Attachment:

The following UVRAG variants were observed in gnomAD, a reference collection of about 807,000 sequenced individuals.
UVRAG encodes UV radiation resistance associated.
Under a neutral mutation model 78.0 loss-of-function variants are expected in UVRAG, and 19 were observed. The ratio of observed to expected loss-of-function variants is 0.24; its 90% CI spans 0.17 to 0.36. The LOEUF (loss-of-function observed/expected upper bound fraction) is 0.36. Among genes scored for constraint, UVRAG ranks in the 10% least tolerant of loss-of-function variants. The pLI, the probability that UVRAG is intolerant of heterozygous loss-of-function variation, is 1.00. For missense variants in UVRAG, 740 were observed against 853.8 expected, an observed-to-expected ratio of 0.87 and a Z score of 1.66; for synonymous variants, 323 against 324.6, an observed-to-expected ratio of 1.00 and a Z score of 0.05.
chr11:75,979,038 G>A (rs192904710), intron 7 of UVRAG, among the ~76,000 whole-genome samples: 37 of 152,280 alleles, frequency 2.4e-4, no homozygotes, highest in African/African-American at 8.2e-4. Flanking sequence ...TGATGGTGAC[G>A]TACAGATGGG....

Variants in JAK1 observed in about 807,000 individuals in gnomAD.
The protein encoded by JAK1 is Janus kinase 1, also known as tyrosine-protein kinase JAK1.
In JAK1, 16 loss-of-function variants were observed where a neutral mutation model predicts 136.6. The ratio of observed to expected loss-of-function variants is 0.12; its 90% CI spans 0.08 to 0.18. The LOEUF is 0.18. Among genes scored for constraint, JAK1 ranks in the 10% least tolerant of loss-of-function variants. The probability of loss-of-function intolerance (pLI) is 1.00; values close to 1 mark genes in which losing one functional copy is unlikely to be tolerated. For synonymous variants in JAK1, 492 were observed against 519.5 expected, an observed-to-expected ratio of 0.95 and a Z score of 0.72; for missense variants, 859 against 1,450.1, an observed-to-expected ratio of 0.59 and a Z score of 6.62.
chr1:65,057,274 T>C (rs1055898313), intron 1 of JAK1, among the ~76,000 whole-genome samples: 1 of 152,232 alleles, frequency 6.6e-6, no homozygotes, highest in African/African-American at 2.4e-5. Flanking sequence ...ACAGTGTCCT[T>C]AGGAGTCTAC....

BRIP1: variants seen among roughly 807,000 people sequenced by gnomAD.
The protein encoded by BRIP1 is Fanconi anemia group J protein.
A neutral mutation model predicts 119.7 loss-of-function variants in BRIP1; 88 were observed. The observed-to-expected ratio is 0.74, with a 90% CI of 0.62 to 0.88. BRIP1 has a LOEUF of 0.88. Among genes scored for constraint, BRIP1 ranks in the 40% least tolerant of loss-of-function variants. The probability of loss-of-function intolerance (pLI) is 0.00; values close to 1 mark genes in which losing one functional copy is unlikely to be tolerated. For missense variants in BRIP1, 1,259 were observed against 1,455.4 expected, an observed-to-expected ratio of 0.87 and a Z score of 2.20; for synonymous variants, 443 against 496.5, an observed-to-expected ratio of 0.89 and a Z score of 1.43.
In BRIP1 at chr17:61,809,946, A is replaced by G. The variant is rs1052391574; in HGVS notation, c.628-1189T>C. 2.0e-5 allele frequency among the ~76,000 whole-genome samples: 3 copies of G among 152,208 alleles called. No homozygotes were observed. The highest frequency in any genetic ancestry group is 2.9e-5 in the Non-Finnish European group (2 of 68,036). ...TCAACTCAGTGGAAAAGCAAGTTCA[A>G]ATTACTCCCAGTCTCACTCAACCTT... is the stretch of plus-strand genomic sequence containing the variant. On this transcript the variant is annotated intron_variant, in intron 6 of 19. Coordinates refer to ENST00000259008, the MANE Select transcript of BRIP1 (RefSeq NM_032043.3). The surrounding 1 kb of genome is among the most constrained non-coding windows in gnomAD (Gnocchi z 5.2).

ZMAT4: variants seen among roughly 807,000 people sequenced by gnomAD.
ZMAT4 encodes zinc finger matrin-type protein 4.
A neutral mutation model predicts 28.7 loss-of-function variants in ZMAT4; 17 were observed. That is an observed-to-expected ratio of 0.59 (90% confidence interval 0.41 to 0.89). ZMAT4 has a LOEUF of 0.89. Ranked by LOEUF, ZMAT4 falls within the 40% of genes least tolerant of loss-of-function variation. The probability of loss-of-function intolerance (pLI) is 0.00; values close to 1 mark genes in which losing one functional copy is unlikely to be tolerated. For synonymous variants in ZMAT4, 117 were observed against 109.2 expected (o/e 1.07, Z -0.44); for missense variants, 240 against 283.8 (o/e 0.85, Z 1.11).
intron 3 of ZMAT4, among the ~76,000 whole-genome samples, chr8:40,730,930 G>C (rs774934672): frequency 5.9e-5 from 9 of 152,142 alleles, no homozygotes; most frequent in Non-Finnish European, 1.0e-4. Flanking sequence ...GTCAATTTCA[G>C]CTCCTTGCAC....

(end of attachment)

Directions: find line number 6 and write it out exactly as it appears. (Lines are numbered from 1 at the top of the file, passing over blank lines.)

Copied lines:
The protein encoded by JAK1 is Janus kinase 1, also known as tyrosine-protein kinase JAK1.